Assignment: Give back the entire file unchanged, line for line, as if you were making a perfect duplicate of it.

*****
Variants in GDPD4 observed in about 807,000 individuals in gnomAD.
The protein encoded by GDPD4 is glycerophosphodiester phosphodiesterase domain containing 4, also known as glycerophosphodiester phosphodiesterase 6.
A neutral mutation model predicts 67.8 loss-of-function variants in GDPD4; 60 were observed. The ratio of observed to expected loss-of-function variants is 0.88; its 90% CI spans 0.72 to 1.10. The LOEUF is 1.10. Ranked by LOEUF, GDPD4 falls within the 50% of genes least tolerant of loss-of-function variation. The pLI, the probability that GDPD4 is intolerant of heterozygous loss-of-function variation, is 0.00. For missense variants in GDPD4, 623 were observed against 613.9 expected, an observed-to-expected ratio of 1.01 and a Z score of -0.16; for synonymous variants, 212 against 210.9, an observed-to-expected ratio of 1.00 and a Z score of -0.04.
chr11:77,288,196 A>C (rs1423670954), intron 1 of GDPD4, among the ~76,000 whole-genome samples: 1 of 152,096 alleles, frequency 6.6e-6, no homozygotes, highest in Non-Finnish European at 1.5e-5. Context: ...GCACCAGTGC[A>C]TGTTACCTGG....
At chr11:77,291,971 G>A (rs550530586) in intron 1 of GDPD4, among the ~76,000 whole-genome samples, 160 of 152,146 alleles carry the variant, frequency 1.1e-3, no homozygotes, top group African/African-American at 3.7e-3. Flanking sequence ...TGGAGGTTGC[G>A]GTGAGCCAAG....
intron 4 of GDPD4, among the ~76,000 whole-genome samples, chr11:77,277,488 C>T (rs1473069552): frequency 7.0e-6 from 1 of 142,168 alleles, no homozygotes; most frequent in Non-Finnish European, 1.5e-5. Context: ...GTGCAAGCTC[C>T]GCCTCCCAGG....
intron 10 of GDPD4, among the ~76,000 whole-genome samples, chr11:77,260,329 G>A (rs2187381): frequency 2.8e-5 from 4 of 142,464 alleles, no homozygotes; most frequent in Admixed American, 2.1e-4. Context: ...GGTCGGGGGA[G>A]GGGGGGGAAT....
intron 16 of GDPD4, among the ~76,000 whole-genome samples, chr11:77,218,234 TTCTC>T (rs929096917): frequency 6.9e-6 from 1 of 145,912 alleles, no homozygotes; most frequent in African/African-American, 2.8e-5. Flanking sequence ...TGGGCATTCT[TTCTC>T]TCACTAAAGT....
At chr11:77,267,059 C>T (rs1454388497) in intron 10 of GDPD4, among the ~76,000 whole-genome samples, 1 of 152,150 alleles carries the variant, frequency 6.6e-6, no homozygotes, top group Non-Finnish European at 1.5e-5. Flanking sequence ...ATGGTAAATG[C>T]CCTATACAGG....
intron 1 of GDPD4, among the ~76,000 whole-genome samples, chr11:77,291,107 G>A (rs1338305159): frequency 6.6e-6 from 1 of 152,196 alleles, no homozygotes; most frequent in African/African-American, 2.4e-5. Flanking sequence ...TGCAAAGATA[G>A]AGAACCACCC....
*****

Variants in GDPD4 observed in about 807,000 individuals in gnomAD.
The protein encoded by GDPD4 is glycerophosphodiester phosphodiesterase domain containing 4, also known as glycerophosphodiester phosphodiesterase 6.
A neutral mutation model predicts 67.8 loss-of-function variants in GDPD4; 60 were observed. The ratio of observed to expected loss-of-function variants is 0.88; its 90% CI spans 0.72 to 1.10. The LOEUF is 1.10. Ranked by LOEUF, GDPD4 falls within the 50% of genes least tolerant of loss-of-function variation. The pLI, the probability that GDPD4 is intolerant of heterozygous loss-of-function variation, is 0.00. For missense variants in GDPD4, 623 were observed against 613.9 expected, an observed-to-expected ratio of 1.01 and a Z score of -0.16; for synonymous variants, 212 against 210.9, an observed-to-expected ratio of 1.00 and a Z score of -0.04.
chr11:77,288,196 A>C (rs1423670954), intron 1 of GDPD4, among the ~76,000 whole-genome samples: 1 of 152,096 alleles, frequency 6.6e-6, no homozygotes, highest in Non-Finnish European at 1.5e-5. Context: ...GCACCAGTGC[A>C]TGTTACCTGG....
At chr11:77,291,971 G>A (rs550530586) in intron 1 of GDPD4, among the ~76,000 whole-genome samples, 160 of 152,146 alleles carry the variant, frequency 1.1e-3, no homozygotes, top group African/African-American at 3.7e-3. Flanking sequence ...TGGAGGTTGC[G>A]GTGAGCCAAG....
intron 4 of GDPD4, among the ~76,000 whole-genome samples, chr11:77,277,488 C>T (rs1473069552): frequency 7.0e-6 from 1 of 142,168 alleles, no homozygotes; most frequent in Non-Finnish European, 1.5e-5. Context: ...GTGCAAGCTC[C>T]GCCTCCCAGG....
intron 10 of GDPD4, among the ~76,000 whole-genome samples, chr11:77,260,329 G>A (rs2187381): frequency 2.8e-5 from 4 of 142,464 alleles, no homozygotes; most frequent in Admixed American, 2.1e-4. Context: ...GGTCGGGGGA[G>A]GGGGGGGAAT....
intron 16 of GDPD4, among the ~76,000 whole-genome samples, chr11:77,218,234 TTCTC>T (rs929096917): frequency 6.9e-6 from 1 of 145,912 alleles, no homozygotes; most frequent in African/African-American, 2.8e-5. Flanking sequence ...TGGGCATTCT[TTCTC>T]TCACTAAAGT....
At chr11:77,267,059 C>T (rs1454388497) in intron 10 of GDPD4, among the ~76,000 whole-genome samples, 1 of 152,150 alleles carries the variant, frequency 6.6e-6, no homozygotes, top group Non-Finnish European at 1.5e-5. Flanking sequence ...ATGGTAAATG[C>T]CCTATACAGG....
intron 1 of GDPD4, among the ~76,000 whole-genome samples, chr11:77,291,107 G>A (rs1338305159): frequency 6.6e-6 from 1 of 152,196 alleles, no homozygotes; most frequent in African/African-American, 2.4e-5. Flanking sequence ...TGCAAAGATA[G>A]AGAACCACCC....